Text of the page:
As you may remember, I have talked in the past about modulations sometimes becoming a crutch for arrangers. Sometimes, we overuse modulations as a way to bring variety to a piece. (How many times have you heard a modulation used to take up the energy/dynamics a notch?) And sometimes, we overuse modulations simply because we feel that modulations are expected.
Remember this: 95% of the people listening do not identify a modulation when it happens and they are not impressed that you can play the same song in multiple keys. So be careful about going to modulations just out of habit.
I have been practicing what I preach on this by the way. Modulations have become the exception rather than the rule for me. On my new project, there will be more songs without modulations than songs with modulations. Maybe I have swung too far to the other side.
Anyway, Steve Mauldin was working on one of my songs and he decided it needed a modulation and he actually wrote one in for me. Here it is (the notes are just suggestions; focus on the chords):
This is pretty clever; far more clever than what I usually come up with. The mod starts at bar 53 and ends at 60. Steve is setting up something with that Bbm7 which is the ii/IV moving to the V/IV (Eb7) and then to IV (Ab) which he caught that I was doing in other places in the song.
Note that he uses Bbm7 twice as a ii/IV and resolves it to IV. Then he uses it again in bar 59 but this time he surprises the listener by moving up by step to the V of the new key.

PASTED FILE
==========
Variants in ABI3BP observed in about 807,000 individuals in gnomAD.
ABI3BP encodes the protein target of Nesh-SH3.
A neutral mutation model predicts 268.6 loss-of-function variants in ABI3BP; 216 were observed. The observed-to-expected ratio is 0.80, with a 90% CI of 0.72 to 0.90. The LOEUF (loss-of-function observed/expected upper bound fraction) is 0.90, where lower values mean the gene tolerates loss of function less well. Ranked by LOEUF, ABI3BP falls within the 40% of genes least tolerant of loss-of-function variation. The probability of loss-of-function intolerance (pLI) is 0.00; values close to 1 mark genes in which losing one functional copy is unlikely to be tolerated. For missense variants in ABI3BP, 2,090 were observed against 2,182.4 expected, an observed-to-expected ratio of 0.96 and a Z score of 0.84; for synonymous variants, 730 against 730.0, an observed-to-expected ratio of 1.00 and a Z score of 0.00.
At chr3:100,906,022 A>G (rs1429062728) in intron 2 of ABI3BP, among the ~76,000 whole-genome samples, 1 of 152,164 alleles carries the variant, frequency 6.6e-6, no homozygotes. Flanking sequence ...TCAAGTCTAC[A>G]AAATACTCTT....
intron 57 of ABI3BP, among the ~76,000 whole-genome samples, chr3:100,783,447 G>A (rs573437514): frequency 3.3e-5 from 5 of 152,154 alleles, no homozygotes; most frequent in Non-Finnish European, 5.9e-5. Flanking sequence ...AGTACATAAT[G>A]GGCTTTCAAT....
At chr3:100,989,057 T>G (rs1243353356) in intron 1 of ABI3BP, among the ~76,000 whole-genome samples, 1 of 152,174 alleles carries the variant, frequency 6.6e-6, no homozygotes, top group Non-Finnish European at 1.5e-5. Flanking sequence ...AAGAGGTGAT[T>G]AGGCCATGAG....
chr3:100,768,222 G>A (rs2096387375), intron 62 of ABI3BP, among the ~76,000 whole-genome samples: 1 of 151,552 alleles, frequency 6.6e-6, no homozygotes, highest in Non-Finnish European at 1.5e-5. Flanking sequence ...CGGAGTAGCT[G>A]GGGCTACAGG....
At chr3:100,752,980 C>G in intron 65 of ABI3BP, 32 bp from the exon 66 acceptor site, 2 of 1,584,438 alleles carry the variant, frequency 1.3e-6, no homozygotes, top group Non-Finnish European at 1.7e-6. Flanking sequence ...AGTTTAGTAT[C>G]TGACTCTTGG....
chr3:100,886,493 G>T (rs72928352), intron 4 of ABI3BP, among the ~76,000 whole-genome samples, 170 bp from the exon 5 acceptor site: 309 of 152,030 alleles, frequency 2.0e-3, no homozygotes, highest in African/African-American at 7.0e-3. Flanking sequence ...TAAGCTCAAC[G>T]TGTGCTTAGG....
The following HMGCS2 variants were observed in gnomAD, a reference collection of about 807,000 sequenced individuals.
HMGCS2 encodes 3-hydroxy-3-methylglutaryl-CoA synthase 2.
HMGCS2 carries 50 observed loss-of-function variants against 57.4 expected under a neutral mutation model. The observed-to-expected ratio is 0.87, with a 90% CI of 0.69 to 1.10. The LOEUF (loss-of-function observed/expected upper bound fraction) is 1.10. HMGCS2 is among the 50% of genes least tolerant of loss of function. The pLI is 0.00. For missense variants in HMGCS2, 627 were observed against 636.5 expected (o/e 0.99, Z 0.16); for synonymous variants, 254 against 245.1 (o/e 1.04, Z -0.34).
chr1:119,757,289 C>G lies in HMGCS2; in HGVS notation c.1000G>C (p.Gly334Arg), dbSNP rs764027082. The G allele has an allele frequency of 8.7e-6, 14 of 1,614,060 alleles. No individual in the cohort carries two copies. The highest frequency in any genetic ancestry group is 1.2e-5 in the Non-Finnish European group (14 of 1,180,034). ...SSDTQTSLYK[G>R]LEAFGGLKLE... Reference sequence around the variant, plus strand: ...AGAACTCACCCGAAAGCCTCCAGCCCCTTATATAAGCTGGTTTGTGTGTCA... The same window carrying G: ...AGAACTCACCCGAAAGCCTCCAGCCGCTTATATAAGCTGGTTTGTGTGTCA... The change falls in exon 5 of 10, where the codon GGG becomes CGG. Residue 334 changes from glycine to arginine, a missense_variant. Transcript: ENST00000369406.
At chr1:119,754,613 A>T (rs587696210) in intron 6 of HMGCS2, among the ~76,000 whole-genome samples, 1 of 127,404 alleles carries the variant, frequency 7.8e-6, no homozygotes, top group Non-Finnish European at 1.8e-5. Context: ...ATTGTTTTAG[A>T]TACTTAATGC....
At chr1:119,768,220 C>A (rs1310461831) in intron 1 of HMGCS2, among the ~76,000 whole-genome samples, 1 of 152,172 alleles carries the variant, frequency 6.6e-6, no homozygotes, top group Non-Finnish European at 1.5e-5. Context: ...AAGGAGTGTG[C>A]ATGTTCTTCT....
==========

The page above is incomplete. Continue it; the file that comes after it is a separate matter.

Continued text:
Don’t let bars 55-56 distract you. Steve might tell you differently, but in my opinion, they are there to embellish the mod but are not critical to it. The key to this is what is being set up by that Bbm7 chord.
When you hear this mod in real time, it is subtle. Most people will never pick on the fact that the key even changed. But the nice thing about it is that it introduces a bit more harmonic interest into the piece.
You might wonder if it annoys me that Steve changed my song a bit. The answer is no. I welcome that kind of thing for a few reasons. First, the suggestions that I get are usually better than what I come up with on my own. And second, taking those kinds of suggestions helps to get more diversity and complexity into the music. In other words, it keeps me from falling into the trap of always sounding the same.